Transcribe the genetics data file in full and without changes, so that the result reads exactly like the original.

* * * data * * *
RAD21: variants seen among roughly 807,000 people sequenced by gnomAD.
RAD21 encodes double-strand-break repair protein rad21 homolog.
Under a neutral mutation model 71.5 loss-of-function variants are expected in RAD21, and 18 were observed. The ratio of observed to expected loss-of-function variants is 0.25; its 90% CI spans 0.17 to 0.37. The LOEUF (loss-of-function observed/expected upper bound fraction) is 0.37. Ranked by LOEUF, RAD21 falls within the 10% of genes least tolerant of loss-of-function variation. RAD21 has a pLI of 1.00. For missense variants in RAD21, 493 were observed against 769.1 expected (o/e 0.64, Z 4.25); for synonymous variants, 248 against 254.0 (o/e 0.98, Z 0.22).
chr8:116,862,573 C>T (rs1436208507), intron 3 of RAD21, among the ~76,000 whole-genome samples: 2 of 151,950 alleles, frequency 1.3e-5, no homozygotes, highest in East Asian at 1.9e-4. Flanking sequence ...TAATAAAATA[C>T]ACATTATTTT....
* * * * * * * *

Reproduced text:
RAD21: variants seen among roughly 807,000 people sequenced by gnomAD.
RAD21 encodes double-strand-break repair protein rad21 homolog.
Under a neutral mutation model 71.5 loss-of-function variants are expected in RAD21, and 18 were observed. The ratio of observed to expected loss-of-function variants is 0.25; its 90% CI spans 0.17 to 0.37. The LOEUF (loss-of-function observed/expected upper bound fraction) is 0.37. Ranked by LOEUF, RAD21 falls within the 10% of genes least tolerant of loss-of-function variation. RAD21 has a pLI of 1.00. For missense variants in RAD21, 493 were observed against 769.1 expected (o/e 0.64, Z 4.25); for synonymous variants, 248 against 254.0 (o/e 0.98, Z 0.22).
chr8:116,862,573 C>T (rs1436208507), intron 3 of RAD21, among the ~76,000 whole-genome samples: 2 of 151,950 alleles, frequency 1.3e-5, no homozygotes, highest in East Asian at 1.9e-4. Flanking sequence ...TAATAAAATA[C>T]ACATTATTTT....